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OSHA Proposes Changes: A Permanent Standard for Healthcare Workers and Updated Injury, Illness and Recordkeeping Regulations

The Occupational Safety and Health Administration (OSHA) has announced a proposed permanent standard for healthcare workers related to protecting against COVID-19 in the workplace, in addition to, proposed amendments to its injury, illness and recordkeeping regulations.

Proposed Healthcare Standard

OSHA is seeking comments on a proposed Final Rule to protect healthcare workers from COVID-19. Recall that on June 21, 2021, OSHA issued an emergency temporary standard (ETS) to protect workers in healthcare settings from occupational exposure to COVID-19. At that time, OSHA announced its intent to continue to work expeditiously to issue a final standard to protect healthcare workers from COVID-19 hazards. However, because the Final Rule could not be completed within the required six month timeframe of the ETS’ expiration, OSHA announced on December 27, 2021 that it was withdrawing the non-recordkeeping portions of the ETS, but left the COVID-19 log and reporting provisions in effect as they were established under a separate provision of the OSH Act. Since this time, OSHA has been busy working on promulgating a permanent standard through the regular rulemaking process. In pursuing a permanent standard, employers have an opportunity to comment and express any concerns on the proposed rule.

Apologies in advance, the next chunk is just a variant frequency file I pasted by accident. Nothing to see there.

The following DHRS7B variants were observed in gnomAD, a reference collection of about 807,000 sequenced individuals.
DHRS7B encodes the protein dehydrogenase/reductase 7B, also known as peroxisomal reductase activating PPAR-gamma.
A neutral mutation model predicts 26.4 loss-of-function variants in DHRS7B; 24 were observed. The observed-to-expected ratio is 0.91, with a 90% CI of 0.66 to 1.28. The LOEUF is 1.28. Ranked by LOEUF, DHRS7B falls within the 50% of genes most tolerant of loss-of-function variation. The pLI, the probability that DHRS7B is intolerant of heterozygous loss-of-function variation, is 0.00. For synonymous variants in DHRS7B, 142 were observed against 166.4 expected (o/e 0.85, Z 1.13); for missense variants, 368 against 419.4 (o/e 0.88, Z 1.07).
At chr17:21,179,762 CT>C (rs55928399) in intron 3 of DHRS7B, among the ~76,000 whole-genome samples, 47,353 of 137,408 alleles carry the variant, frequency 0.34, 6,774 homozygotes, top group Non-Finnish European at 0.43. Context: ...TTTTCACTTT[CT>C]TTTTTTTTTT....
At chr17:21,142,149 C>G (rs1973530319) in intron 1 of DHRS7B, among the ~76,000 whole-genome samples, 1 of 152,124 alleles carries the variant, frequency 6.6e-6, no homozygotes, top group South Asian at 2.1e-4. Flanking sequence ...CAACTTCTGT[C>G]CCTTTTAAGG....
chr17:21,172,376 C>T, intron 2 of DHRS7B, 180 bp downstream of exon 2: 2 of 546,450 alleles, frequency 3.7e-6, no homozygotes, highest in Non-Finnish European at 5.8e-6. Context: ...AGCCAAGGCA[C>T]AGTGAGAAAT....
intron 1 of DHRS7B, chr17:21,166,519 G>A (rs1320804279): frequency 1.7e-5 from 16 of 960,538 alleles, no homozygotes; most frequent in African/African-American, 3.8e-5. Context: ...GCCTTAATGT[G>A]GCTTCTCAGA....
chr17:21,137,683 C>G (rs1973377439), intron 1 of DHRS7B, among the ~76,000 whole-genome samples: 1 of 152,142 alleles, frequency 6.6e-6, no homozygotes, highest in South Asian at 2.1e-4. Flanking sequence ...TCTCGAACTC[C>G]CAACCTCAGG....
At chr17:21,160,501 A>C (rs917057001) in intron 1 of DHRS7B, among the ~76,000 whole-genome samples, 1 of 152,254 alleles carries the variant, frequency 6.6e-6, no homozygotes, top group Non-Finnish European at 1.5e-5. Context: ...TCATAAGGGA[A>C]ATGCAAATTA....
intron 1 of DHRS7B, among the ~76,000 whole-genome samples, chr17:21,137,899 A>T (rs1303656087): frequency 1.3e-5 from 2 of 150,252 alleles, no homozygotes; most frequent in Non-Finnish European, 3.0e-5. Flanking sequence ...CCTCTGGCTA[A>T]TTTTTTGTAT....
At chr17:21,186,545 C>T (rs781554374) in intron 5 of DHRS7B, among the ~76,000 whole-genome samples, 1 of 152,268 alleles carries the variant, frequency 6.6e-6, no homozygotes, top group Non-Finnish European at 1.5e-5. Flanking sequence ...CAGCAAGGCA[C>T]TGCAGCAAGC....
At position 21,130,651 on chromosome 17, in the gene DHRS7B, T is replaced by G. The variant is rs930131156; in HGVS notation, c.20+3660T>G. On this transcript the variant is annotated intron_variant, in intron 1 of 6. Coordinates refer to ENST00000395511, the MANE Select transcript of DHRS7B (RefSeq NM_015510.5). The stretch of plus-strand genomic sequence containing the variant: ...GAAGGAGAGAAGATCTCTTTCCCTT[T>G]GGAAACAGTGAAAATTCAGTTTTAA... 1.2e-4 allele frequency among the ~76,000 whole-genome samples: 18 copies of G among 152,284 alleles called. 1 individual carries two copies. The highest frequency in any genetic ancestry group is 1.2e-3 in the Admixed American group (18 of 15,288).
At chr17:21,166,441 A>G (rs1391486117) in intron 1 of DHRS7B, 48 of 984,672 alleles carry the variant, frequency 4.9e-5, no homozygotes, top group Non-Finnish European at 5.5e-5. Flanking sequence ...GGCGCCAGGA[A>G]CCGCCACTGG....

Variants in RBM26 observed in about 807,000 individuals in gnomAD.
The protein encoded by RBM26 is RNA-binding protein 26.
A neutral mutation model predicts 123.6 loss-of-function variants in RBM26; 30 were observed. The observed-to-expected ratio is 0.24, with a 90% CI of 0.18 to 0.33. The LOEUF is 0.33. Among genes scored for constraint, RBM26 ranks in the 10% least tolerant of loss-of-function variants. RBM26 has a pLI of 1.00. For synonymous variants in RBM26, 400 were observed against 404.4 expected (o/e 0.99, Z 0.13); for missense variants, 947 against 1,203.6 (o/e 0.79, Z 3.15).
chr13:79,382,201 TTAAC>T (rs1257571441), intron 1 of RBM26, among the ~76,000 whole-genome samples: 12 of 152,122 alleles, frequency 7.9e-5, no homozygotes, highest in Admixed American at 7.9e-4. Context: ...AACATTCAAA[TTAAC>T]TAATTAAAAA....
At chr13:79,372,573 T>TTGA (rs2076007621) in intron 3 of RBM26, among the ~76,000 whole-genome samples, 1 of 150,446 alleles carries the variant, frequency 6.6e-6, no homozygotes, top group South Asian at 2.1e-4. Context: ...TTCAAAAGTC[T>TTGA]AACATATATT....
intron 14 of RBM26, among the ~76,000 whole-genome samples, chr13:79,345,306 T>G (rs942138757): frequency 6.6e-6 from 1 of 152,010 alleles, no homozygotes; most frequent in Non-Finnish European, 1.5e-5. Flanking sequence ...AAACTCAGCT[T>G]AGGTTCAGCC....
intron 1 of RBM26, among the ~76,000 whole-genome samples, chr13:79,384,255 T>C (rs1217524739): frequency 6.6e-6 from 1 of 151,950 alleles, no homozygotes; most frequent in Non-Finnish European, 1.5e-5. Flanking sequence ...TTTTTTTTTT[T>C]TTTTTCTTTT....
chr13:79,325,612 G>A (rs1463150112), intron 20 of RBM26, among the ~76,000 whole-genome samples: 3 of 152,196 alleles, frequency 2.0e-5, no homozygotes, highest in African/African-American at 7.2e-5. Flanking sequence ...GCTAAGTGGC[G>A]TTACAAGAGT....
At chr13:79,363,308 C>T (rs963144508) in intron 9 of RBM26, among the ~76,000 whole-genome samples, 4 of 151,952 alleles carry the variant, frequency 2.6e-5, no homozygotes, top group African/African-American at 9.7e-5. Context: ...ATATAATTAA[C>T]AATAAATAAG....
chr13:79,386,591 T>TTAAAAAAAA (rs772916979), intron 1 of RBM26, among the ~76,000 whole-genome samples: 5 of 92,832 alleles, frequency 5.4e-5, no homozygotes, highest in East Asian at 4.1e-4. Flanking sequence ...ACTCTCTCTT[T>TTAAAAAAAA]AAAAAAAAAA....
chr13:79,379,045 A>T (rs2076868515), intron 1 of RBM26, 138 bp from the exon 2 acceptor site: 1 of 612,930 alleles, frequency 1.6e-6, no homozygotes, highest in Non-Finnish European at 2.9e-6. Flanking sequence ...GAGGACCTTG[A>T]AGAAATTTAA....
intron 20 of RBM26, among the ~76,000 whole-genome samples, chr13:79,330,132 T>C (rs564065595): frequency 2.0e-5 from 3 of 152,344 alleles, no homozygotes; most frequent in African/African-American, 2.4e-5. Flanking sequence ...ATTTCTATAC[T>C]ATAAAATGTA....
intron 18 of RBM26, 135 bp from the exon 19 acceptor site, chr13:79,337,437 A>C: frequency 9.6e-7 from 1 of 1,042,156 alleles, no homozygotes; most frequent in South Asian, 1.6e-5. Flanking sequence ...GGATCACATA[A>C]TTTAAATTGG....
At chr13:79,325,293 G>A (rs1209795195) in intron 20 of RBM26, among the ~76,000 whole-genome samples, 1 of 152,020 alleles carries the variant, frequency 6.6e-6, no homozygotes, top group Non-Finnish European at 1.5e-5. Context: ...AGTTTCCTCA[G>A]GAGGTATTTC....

As part of the rulemaking process, OSHA announced on March 22 that it is partially reopening the public comment period to allow for new data on the Delta and Omicron variants, in addition to, gathering more information on several topics, such as:

  • Alignment with the Centers for Disease Control and Prevention’s recommendations for healthcare infection control procedures
  • Additional flexibility for employers
  • Tailoring controls to address interactions with people with suspected or confirmed COVID-19
  • Employer support for employees who wish to be vaccinated
  • COVID-19 recordkeeping and reporting provisions
  • Triggering requirements based on community transmission levels

Next Step for Employers

Interested employers are encouraged to submit comments online, identified by Docket No. OSHA-2020-0004. Comments are due by April 22, 2022.

As OSHA works towards a permanent standard, employers must continue to comply with their obligations under the General Duty Clause, Personal Protective Equipment and Respiratory Protection Standards, as well as other applicable OSHA standards to protect their employees against the hazard of COVID-19 in the workplace.

Amendments to OSHA’s Injury, Illness and Recordkeeping Regulation

On March 28, 2022, OSHA announced a proposal to amend the occupational injury and illness recordkeeping regulation under 29 CFR 1904.41 aimed at improving OSHA’s ability to use its enforcement and compliance assistance resources to identify workplaces where workers are at high risk. The current regulation requires certain employers to electronically submit injury and illness information that they are required to keep to OSHA. The proposed amendments would create more reporting obligations for some employers, while lessening the reporting obligations for others.